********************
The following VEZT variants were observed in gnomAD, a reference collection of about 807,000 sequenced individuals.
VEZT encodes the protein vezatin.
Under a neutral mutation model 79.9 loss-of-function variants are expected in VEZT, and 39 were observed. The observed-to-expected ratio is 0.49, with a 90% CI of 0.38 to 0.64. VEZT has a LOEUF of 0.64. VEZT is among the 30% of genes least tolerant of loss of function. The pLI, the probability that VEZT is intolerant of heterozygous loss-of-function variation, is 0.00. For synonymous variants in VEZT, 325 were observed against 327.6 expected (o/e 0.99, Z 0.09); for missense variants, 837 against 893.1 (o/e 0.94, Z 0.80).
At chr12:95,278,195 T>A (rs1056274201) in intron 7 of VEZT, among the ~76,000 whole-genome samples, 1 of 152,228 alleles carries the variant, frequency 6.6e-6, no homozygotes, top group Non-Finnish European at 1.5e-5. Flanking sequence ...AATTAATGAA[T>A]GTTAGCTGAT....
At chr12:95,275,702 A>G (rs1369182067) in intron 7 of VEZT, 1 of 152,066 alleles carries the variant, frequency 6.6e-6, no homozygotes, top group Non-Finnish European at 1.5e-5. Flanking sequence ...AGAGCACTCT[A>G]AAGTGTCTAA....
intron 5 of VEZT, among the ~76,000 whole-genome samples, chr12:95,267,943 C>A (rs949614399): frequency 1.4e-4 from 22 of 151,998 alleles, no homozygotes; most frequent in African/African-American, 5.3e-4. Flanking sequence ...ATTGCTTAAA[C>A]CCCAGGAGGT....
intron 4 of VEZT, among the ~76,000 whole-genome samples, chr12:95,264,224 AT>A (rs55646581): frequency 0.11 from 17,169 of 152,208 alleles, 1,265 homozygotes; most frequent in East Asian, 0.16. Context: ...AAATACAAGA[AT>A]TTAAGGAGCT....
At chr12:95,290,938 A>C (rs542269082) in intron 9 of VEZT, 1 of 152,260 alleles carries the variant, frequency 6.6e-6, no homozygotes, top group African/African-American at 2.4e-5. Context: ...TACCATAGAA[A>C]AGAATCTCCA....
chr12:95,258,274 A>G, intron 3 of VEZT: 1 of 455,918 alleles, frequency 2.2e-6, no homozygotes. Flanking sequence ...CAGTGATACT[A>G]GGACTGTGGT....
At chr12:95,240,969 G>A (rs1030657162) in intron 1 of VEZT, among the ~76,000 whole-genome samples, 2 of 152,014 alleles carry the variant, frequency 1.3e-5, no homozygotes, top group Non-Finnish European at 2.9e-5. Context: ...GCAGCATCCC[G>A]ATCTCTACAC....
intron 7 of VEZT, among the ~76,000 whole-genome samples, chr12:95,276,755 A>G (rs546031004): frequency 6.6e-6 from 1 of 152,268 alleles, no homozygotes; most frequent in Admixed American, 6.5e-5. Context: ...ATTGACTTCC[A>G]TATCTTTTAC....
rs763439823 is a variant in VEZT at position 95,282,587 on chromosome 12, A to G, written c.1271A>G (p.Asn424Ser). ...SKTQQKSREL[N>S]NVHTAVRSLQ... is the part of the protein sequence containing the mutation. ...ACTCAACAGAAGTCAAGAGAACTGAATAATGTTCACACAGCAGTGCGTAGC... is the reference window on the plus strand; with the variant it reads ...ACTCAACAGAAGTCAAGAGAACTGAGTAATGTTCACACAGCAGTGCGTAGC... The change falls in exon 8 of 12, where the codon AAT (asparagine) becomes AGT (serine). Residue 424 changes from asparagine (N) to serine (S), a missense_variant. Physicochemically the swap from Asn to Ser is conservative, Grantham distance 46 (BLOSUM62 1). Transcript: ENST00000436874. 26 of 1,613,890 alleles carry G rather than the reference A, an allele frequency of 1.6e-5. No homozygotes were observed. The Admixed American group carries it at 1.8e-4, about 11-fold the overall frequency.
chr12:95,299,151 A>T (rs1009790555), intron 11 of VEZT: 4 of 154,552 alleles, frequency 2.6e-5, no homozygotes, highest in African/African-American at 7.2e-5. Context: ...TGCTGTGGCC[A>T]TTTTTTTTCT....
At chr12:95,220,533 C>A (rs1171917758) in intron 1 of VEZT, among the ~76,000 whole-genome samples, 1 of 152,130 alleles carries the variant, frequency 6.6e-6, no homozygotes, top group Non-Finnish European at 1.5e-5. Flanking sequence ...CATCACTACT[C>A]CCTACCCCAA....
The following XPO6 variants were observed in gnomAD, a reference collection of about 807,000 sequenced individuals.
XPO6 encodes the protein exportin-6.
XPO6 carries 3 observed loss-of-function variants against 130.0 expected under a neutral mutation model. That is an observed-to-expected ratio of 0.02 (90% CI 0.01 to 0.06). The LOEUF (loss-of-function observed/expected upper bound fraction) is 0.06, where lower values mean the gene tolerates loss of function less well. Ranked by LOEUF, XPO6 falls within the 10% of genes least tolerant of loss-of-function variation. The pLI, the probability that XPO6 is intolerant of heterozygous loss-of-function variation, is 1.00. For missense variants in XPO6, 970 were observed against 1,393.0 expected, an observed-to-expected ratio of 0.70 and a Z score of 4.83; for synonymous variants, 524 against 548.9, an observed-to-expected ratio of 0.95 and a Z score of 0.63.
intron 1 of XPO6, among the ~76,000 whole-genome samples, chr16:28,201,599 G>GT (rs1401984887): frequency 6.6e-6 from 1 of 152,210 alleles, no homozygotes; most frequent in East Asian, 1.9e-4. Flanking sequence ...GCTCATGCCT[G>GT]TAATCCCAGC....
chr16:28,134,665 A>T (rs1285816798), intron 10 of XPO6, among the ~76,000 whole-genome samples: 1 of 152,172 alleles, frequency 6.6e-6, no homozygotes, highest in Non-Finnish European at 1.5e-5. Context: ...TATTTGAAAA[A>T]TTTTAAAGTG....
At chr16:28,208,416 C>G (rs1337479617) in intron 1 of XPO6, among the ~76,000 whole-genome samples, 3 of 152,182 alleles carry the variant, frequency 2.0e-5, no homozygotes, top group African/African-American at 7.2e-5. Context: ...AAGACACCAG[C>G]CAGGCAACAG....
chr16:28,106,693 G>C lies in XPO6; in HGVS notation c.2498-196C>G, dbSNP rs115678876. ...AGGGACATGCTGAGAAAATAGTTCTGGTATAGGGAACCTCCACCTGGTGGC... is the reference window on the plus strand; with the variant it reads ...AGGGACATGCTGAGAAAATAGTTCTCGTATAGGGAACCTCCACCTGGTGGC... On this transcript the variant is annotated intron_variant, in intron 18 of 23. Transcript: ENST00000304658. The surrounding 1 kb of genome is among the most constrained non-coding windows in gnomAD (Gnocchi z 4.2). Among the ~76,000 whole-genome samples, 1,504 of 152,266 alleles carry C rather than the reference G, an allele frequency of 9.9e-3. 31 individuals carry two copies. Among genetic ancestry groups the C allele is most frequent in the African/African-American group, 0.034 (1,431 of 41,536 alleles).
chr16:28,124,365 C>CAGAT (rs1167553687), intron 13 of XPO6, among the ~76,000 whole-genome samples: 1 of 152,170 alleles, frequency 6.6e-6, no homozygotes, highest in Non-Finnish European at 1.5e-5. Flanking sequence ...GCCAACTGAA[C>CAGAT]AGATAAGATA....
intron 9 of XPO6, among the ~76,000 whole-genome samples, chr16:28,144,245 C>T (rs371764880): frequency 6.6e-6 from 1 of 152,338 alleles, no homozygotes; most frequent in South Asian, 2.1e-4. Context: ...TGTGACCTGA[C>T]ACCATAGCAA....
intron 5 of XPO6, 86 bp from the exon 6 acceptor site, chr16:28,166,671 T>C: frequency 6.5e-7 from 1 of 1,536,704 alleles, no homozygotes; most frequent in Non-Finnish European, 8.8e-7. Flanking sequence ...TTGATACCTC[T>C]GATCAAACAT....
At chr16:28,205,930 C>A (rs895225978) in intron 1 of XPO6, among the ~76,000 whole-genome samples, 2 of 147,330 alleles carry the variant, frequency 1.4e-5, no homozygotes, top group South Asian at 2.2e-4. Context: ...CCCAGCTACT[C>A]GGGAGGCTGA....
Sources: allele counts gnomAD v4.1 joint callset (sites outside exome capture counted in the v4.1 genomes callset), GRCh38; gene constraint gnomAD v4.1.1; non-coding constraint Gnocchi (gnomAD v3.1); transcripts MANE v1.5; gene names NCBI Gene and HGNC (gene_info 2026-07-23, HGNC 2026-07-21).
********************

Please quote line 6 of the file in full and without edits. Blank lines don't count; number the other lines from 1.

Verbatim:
intron 5 of VEZT, among the ~76,000 whole-genome samples, chr12:95,267,943 C>A (rs949614399): frequency 1.4e-4 from 22 of 151,998 alleles, no homozygotes; most frequent in African/African-American, 5.3e-4. Flanking sequence ...ATTGCTTAAA[C>A]CCCAGGAGGT....